Michelle Finlay

  • b3193156074has quoted5 months ago
    Stationery/Stationary Paper and envelopes/Remain still

    Канцеларијски материјал / стационарни папир и коверте / остају непомични

  • Enzohas quoted7 months ago
    and if we see the same mistake over and over again, we begin to see it as acceptable
  • Ann Latukhovahas quotedlast year
    When using the verbs ‘sit’ and ‘stand’, in particular, it has become commonplace to use the Past Participle instead of the Present Participle. Thus people might say ‘I was sat on the bus when it began to snow’, or ‘He was stood watching the carnival’ – this form is only correct if the passive voice is being used – i.e. as if somebody had placed ‘me’ in a seated position in the bus, or had placed the man in a standing position as though we were children or toys.
  • Ann Latukhovahas quotedlast year
    If the adverb is longer than three syllables, you might find that the sentence flows better if you put it directly after the verb.
  • Ann Latukhovahas quoted10 months ago
    And is a connecting word – it connects words, numbers, phrases or sentences, and is sometimes used to introduce an additional comment. Roughly speaking, it means also or as well.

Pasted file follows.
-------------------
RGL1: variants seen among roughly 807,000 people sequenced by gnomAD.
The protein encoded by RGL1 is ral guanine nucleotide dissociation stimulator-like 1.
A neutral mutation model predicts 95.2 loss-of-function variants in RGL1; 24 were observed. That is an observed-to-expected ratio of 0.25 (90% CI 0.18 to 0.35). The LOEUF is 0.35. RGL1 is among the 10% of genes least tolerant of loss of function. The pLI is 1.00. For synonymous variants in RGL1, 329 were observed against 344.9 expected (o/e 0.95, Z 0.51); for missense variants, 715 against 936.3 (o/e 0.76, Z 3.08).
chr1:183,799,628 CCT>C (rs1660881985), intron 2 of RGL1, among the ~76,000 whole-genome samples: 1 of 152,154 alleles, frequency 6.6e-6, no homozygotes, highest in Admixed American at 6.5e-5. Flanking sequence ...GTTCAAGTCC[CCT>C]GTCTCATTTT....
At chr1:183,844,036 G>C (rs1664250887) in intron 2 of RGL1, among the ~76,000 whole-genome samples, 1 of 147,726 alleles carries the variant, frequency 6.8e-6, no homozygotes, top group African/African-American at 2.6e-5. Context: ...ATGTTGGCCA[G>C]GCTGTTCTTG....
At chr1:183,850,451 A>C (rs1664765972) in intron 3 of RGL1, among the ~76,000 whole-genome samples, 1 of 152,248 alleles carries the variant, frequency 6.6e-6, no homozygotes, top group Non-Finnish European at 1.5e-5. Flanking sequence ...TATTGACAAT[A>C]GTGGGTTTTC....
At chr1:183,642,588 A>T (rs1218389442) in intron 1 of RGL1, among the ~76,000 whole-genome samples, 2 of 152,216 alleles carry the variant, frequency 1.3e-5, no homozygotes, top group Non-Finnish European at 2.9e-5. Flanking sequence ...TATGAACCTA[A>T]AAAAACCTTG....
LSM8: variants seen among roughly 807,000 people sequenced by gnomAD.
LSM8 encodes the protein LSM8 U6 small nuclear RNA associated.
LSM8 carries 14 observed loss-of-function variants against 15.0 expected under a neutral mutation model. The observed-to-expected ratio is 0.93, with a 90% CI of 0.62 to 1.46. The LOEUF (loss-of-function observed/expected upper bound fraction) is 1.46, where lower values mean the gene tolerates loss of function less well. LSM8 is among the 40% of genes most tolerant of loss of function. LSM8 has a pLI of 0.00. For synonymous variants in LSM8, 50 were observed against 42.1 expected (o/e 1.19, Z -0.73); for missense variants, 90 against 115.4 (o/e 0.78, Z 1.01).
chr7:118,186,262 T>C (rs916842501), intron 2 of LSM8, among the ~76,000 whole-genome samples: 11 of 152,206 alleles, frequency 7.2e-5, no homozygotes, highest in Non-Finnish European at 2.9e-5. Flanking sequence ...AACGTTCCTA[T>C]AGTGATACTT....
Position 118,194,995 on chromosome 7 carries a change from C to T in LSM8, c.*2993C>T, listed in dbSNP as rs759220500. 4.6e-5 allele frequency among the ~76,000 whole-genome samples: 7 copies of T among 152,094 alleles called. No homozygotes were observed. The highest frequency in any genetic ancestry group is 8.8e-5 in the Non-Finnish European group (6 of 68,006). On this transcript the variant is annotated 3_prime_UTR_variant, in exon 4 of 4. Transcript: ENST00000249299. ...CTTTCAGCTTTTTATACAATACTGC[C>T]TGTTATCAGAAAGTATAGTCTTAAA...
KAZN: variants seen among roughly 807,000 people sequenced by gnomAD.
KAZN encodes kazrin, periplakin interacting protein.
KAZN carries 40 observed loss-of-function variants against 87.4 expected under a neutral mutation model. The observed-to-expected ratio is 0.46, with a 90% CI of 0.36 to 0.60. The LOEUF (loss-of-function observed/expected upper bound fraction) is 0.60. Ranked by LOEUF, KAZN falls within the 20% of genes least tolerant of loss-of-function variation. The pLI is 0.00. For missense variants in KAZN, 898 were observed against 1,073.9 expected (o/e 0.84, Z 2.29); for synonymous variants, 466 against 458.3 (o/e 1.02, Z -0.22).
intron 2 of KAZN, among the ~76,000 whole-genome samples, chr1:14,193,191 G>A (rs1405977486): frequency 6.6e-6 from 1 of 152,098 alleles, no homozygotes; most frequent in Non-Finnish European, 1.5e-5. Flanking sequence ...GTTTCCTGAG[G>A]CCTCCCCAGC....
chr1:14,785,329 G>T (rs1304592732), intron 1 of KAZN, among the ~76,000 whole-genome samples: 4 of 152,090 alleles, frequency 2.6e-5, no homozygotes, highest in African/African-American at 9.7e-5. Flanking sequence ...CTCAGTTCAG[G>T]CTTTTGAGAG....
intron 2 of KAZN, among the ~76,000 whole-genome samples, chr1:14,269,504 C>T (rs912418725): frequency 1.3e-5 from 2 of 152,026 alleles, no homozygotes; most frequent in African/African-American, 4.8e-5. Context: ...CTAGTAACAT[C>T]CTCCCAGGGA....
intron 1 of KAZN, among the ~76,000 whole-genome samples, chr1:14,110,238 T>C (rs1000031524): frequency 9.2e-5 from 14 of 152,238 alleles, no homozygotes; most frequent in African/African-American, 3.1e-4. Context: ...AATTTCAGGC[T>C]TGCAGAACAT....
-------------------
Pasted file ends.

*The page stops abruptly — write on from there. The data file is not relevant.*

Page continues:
But it is sometimes used in place of the word to in an infinitive, as in ‘We should go and buy a new alarm clock.’ This should be ‘We should go to buy a new alarm clock.’
  • Ann Latukhovahas quoted8 months ago
    ‘Someone has mislaid top-secret papers.
  • Василий Гонджубасовhas quoted2 years ago
    It has been a matter of controversy for some time whether or not it is permissible to end a sentence with a preposition. Winston Churchill, whose mastery of the language was undeniable, demonstrated how clumsy that could make the language seem: ‘This is the sort of English up with which I will not put.’
  • Василий Гонджубасовhas quoted2 years ago
    Indeed there is an increasing tendency – possibly under the influence of US English – to say ‘on the weekend’.)
  • Василий Гонджубасовhas quoted2 years ago
    Numbers: cardinal and ordinal: i.e. one or the first
  • Василий Гонджубасовhas quoted2 years ago
    There is a traditionally held belief that it is wrong to begin a sentence with And or But. Perhaps some schools still maintain this rule, but no one has come up with a good reason for it. Obviously, if it is unnecessary, then it should be left out – but since the earliest times the best of writers have begun sentences with And and But, to their stylistic advantage. It is definitely a rule to be flouted. But judiciously.
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